The light-hearted back-up story featuring Nova and Ms. Marvel titled "You're A Jerk," received a warm reception from many critics - in some cases, warmer than that which the main story received. Indeed, Multiversity Comics writer Stephenson Ardern-Sodje wrote in his review that the back-up story, "definitely interested me more, even though the story seems largely detached from the main narrative." Waid was widely praised for making the awkward first meeting of Sam Alexander and Kamala Khan feel genuine, and filling it with humorous and relatable moments. Comic Book Resources explained that this "hilariously painful dynamic" made the story a "wonderful" read, while IGN declared that it was "social awkwardness at its finest." That being said, as has already been mentioned the story has relatively little to do with the main plot of this book, and this led some to wonder whether it was the best decision to include it here. Multiversity Comics said "its inclusion feels as though it's stealing pages from the 'main' narrative," an opinion shared by IGN who claimed that the addition of this back-up left the main story "feeling surprisingly brisk for such a marquee launch."

The Art
The art in this book is completed by two separate creative teams, with the main story by Adam Kubert and Sonia Obak and the back-up by Mahmud Asrar and Dave McCaig. Both teams were given much praise in reviews for this opening issue. Adventures in Poor Taste said in their review that Kubert's "layouts are easy to read and flow well," with the artist being called out most for his work on an opening sequence in which Captain America saves a family whose vehicle was plummeting off the Queensboro Bridge. Comicosity described these panels as "incredibly dynamic" while Comic Book Resources thought Kubert's work gave the "opening sequence a cinematic quality." But Kubert seemingly kept a high level of quality even when the action died down, as Multiversity Comics explain that "his panelling is inventive enough to flit between conversations in cars and high-impact laser assaults and switch gears accordingly."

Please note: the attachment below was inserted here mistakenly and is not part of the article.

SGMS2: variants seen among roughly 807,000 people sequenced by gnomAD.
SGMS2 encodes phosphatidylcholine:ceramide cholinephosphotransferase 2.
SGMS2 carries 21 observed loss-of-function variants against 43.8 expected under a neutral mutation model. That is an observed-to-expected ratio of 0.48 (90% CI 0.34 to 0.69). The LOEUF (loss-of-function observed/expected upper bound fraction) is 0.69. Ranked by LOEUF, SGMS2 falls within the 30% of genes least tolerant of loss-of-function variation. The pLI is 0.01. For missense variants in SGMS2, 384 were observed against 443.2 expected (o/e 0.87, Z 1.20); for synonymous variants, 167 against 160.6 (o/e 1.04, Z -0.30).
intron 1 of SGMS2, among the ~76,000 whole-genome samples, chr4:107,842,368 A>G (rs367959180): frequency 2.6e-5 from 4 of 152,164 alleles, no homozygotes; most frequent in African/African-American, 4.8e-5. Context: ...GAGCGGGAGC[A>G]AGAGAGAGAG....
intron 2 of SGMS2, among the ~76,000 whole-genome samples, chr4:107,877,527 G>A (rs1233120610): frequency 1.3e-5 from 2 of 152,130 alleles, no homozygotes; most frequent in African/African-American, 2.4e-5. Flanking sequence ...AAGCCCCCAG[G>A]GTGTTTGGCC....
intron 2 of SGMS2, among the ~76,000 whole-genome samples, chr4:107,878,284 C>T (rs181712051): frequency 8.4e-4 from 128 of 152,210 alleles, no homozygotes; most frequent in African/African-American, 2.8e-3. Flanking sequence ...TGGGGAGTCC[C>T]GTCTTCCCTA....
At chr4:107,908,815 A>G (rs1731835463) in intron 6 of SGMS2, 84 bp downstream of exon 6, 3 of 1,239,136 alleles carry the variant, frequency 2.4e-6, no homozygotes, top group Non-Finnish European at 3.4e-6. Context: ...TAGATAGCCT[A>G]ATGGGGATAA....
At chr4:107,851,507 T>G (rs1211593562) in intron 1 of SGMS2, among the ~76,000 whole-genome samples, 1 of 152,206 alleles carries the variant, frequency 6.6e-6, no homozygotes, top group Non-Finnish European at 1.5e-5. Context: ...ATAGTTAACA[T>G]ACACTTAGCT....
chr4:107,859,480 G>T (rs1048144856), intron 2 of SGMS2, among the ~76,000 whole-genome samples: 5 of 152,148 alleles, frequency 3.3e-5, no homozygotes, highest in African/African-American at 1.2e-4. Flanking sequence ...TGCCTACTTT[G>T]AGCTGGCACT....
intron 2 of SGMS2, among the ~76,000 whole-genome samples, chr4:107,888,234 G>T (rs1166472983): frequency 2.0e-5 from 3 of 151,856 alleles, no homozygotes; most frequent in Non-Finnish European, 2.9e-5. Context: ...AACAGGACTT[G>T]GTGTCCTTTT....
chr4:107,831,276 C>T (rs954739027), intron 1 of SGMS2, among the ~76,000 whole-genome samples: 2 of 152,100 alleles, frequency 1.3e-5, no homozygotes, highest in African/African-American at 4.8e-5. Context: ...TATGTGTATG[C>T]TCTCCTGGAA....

Asrar also garnered much acclaim for his work in the back-up story, with Adventures in Poor Taste going as far to say that Asrar's art was "even better" than Kubert's. Critics were most fond of Asrar's portrayal of Nova and Ms Marvel's more subtle expressions and body language, with IGN saying that his "pitch perfect facial cues align wonderfully with Waid's increasingly awkward introspection." Meanwhile, Multiversity Comics also praised this aspect of Asrar's art, pointing out that "the deftness of his micro-expressions makes for a truly awkward exchange between Sam and Kamala that is funny and tense in equal measure."

General Consensus:

While anchored by some strong character moments, the story in All-New All-Different Avengers #1 feels somewhat by-the numbers and could perhaps have used more space to develop - space taken up in this issue by a fun if inconsequential back-up story featuring Nova and Ms. Marvel. However, most critics saw potential for this series to come into its own in future issues, and the artwork by Adam Kubert and Mahmud Asrar was met with universal acclaim.


Post a Comment

Note: only a member of this blog may post a comment.